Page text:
Pollard is up for parole consideration in November 2015, and the United States is running out of time to use his possible release for leverage with Israel.
Carney, the White House spokesman, said on Monday that it is a "complicated issue" and declined to "get into details" about the negotiations.
"And with regards to Mr. Pollard, he is a person who was convicted of espionage and is serving his sentence, and I don't have any update on his situation," Carney said.
But the fact the United States is apparently willing to discuss his release before even a framework agreement has been reached between the parties shows the extraordinary efforts Washington is making to salvage the troubled negotiations.
When asked whether Pollard was a topic in Kerry's talks with Israeli Prime Minister Benjamin Netanyahu, State Department spokeswoman Jen Psaki stuck to the White House line and said she had no updates on his status.
Talks hit a snag
The peace negotiations, which began in July, have hit a snag over whether Israel will agree to release more than two dozen prisoners, including 14 Arab Israelis whom Israel considers terrorists. They were scheduled to be freed on March 29, and now Palestinian negotiators are threatening to end the negotiations over the delay.
Israel has already released three groups of prisoners, most of whom have served lengthy prison terms for attacks on Israelis. But this final release is especially contentious because it includes convicted murderers. Netanyahu has said he would seek approval for any further releases with his Cabinet, which has been critical of the previous releases.
Israeli Deputy Defense Minister Danny Danon told CNN he will resign if Israel goes ahead with the prisoner release, and other Likud Party members in the Cabinet, along with members of the HaBayit HaYahudi Party, which has 12 members in the Knesset, could join him, creating a political crisis.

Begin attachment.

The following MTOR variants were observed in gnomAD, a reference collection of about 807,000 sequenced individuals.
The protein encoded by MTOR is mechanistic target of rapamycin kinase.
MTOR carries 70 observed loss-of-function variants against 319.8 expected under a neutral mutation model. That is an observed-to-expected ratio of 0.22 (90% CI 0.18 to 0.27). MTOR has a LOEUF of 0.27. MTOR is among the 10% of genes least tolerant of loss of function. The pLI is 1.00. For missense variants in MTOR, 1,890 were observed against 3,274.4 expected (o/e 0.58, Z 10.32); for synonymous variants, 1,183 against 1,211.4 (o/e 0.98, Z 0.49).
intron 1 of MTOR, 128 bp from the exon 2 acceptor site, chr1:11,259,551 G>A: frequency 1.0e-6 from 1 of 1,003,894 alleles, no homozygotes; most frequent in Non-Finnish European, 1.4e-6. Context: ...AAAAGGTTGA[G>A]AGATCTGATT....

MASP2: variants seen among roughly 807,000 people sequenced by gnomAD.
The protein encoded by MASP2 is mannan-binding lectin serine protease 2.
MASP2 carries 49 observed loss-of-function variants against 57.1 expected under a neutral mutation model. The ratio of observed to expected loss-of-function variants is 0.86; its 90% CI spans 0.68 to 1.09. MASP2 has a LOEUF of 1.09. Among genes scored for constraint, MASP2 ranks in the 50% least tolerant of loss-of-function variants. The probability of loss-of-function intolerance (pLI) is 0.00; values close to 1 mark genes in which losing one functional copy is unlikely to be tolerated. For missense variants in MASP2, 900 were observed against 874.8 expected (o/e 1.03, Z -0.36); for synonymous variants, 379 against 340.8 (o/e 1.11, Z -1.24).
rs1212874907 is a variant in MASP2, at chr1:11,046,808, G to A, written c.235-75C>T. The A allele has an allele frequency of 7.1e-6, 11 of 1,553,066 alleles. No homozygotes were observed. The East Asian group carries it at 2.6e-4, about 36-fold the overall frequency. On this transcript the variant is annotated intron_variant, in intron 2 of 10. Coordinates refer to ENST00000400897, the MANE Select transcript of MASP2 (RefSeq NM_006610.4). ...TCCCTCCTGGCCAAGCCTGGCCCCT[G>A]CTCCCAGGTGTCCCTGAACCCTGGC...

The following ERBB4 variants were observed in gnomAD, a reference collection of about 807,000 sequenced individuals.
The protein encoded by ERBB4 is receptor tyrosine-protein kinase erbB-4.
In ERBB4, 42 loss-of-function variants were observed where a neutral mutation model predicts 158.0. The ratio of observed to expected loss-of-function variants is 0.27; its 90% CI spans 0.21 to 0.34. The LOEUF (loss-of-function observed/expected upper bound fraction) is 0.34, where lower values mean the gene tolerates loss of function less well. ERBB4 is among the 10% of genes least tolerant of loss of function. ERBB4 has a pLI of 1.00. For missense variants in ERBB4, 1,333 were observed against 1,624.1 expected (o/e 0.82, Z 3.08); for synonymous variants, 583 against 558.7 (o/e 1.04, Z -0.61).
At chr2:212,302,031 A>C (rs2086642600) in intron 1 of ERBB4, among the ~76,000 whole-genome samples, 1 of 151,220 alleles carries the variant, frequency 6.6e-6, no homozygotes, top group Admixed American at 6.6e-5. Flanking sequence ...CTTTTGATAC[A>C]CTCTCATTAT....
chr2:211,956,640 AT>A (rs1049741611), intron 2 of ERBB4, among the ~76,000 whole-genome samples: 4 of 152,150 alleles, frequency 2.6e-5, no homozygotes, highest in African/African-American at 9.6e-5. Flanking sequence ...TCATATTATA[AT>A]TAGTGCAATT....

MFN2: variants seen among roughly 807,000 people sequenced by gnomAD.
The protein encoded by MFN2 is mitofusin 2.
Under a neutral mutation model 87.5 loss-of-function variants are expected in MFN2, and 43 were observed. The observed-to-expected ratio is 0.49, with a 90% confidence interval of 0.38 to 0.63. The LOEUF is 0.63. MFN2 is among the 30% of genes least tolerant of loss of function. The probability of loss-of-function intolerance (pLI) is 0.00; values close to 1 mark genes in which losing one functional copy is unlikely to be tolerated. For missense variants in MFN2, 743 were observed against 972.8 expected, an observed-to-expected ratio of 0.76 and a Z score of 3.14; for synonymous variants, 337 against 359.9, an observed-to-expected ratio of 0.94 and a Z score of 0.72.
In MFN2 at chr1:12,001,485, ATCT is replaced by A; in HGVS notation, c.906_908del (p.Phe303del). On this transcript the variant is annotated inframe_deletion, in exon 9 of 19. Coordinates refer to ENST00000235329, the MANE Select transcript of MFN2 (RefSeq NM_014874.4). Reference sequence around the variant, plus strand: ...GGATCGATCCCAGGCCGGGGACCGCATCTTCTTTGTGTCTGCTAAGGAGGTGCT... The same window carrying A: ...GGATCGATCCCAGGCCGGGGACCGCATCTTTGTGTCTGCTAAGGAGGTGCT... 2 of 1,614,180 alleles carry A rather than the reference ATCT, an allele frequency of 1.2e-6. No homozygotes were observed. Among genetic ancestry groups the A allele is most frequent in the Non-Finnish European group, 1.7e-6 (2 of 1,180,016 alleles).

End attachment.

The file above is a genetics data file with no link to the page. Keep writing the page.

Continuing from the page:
Netanyahu has also said he would not release any more prisoners if Abbas did not agree to continue negotiations and to stop threatening to seek recognition for Palestinians before international bodies.
A new possible stumbling block in the overall talks arose Tuesday, when Abbas signed 15 requests to have his government join international organizations, according to Palestinian lawmaker Mustafa Barghouti.
Asked about this development, Kerry said none of the organizations that Abbas asked to join "involved the U.N." Furthermore, he scuttled any thought that this could derail negotiations while insisting that the key players remain engaged.
The United States is ready and willing to play a significant role, Kerry said.
Still, Kerry stressed that it's the Israelis and Palestinians who will ultimately decide if a deal gets done.
"In the end, this is up to the parties," he said. "... The leaders have to make the decisions."